Owning real property and renting it to third parties can be a very good investment. However, before ever signing that first lease, it is important to be familiar with the landlord-tenant laws in the state where the property is located.
Below is a list of the most common mistakes landlords make. Most of these can be avoided simply by being familiar with your state’s landlord-tenant laws, while others require the investment of an attorney’s services to review the legal documents and processes you intend on using before you begin.
Below are the ten most common errors made by landlords, based on Ohio law:
1. Getting a lease off the internet
Internet leases do not include state-specific clauses, and landlord-tenant laws vary considerably from state to state.
Penalties for violating landlord-tenant laws can be quite hefty and include the award of attorney’s fees to the tenant.
2. Not screening applicants
Credit and background checks provide a snapshot of a prospective tenant’s background and financial situation.
Calling and questioning a prior landlord can yield priceless information.
3. Using self-help
Entering without the tenant’s permission and/or evicting a tenant without a court order are violations of Ohio law.
Depending on the action taken, a landlord can find himself facing criminal charges.
4. Entering without notice
Doing so is a statutory violation and intrudes on the tenant’s right to quiet enjoyment of the property.
Repeated violations can give the tenant the right to terminate the lease.
5. Security deposit
Most state laws require a landlord to return a security deposit within a certain number of days, along with an itemization of any deductions.
This statutory violation can result in an award to the tenant of double the amount of the deposit wrongfully withheld, as well as an award of attorney’s fees.
6. Ohio Revised Code
It is essential to be familiar with the laws of the state of where the property is located and their application beforebecoming a real estate investor.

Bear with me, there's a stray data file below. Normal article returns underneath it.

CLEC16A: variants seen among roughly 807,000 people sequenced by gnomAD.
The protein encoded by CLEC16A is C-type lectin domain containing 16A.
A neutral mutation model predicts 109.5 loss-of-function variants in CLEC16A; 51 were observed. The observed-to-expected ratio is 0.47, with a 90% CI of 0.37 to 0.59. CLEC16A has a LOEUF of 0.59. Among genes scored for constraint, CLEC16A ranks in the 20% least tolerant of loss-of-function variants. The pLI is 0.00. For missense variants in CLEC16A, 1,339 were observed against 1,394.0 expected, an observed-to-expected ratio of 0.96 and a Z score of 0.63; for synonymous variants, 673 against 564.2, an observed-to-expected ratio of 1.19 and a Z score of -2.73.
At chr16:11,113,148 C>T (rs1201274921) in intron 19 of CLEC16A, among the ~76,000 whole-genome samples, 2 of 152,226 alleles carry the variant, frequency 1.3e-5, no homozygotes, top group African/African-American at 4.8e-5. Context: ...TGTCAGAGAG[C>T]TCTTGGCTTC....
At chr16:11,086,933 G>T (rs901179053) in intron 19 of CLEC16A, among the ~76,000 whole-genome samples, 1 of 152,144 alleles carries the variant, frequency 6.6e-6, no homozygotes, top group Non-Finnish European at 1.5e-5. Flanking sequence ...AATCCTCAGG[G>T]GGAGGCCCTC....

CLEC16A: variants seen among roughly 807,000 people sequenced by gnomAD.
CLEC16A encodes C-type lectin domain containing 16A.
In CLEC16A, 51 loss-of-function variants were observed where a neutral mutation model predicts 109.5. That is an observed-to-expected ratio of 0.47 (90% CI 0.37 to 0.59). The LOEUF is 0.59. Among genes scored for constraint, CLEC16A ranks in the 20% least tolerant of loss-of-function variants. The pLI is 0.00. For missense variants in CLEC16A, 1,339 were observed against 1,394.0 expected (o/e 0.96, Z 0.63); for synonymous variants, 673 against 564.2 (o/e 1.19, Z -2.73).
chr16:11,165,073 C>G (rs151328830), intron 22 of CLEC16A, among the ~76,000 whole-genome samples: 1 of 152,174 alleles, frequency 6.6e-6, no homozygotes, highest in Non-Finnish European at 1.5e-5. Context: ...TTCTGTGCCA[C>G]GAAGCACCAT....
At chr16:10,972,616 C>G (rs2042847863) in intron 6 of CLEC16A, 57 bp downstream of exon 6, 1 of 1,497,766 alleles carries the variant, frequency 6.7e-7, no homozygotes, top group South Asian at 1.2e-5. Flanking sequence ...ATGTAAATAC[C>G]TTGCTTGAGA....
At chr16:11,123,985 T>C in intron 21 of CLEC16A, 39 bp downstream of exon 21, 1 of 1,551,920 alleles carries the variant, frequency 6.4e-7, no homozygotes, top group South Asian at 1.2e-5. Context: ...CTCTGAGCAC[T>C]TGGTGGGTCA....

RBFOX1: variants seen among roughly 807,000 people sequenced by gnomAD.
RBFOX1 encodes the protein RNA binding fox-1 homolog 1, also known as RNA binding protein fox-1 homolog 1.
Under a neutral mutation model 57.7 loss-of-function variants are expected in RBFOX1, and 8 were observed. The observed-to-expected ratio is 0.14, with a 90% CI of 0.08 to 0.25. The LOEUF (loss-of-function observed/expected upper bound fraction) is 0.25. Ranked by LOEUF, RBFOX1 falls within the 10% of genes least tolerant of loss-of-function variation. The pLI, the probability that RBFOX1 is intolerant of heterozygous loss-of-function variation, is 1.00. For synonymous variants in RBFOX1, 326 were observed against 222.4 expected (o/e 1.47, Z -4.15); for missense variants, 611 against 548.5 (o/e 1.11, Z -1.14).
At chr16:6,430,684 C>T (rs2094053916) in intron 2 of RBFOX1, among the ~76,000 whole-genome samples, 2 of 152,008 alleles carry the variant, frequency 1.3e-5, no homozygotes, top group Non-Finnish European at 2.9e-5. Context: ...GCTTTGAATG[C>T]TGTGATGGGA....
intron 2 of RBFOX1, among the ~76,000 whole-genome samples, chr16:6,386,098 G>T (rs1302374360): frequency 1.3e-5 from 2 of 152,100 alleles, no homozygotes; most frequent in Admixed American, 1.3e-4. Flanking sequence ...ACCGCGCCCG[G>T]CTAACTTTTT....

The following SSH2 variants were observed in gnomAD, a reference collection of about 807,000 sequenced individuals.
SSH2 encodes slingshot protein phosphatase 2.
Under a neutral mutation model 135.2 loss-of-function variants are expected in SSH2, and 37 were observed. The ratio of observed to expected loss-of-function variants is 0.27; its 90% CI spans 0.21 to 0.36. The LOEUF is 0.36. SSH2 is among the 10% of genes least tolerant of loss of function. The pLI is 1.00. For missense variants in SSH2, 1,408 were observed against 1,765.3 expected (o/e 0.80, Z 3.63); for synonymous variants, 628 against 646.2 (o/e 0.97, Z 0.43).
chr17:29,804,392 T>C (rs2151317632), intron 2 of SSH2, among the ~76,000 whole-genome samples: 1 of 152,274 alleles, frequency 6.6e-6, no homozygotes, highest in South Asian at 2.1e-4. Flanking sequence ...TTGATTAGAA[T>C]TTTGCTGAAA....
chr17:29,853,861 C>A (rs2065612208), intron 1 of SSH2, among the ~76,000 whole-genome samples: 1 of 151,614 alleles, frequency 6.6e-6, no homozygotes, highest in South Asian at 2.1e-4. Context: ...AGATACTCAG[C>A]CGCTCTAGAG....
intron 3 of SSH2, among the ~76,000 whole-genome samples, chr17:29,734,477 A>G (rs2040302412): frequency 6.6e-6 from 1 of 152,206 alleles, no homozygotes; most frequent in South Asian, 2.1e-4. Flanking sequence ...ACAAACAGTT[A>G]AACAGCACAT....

7. Move-in / Move-out checklist
These checklists are extremely beneficial in the event of disputes about the condition of the property, which often arise at the end of a lease.
If the checklist is signed by the tenant, while not incontrovertible proof of the condition of the property at the commencement of the lease, it is certainly useful for a landlord in the event of dispute.
8. Checking tenant identification
Identity theft is a serious problem.
Always obtain photo identification of prospective tenants and keep a copy. Most mobile phones now have excellent cameras.
Make sure the photo and information on the identification match the applicant.
9. Waiving a lease violation
Waiving late fees or other lease terms is often done to accommodate a tenant.
In order to make sure that doing so does not result in a permanent waiver of the term being waived, all waivers should be accompanied by a letter stating that the accommodation is a one-time event.
10. Being nice
Being a landlord is a business. You can be polite without being overly friendly. You are not and should not be your tenant’s friend and always maintain a business relationship.